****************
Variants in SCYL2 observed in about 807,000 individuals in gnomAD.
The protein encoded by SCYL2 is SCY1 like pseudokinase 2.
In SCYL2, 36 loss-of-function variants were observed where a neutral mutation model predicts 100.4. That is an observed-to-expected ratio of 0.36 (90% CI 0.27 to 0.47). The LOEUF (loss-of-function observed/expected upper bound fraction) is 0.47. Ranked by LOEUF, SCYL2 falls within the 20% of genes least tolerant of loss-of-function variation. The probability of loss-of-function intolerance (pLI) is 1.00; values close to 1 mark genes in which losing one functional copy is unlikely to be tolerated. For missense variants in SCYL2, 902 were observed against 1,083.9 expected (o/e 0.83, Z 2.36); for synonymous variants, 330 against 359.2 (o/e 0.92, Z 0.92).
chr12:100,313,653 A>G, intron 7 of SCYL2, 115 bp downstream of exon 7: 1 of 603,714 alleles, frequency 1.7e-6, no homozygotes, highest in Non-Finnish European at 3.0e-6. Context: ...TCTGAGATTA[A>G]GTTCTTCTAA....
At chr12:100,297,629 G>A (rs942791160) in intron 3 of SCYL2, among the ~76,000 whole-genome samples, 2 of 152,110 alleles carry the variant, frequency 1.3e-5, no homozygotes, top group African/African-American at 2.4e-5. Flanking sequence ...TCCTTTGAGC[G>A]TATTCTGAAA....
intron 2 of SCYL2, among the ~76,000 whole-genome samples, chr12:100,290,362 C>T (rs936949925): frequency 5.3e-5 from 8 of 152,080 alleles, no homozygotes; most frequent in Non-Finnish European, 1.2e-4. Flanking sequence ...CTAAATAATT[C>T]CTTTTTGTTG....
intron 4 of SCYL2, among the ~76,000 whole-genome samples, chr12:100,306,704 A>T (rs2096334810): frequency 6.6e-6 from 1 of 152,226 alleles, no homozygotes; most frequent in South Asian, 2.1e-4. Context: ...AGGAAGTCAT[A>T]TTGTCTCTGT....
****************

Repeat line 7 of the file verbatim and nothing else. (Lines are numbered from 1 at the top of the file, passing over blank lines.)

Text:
intron 4 of SCYL2, among the ~76,000 whole-genome samples, chr12:100,306,704 A>T (rs2096334810): frequency 6.6e-6 from 1 of 152,226 alleles, no homozygotes; most frequent in South Asian, 2.1e-4. Context: ...AGGAAGTCAT[A>T]TTGTCTCTGT....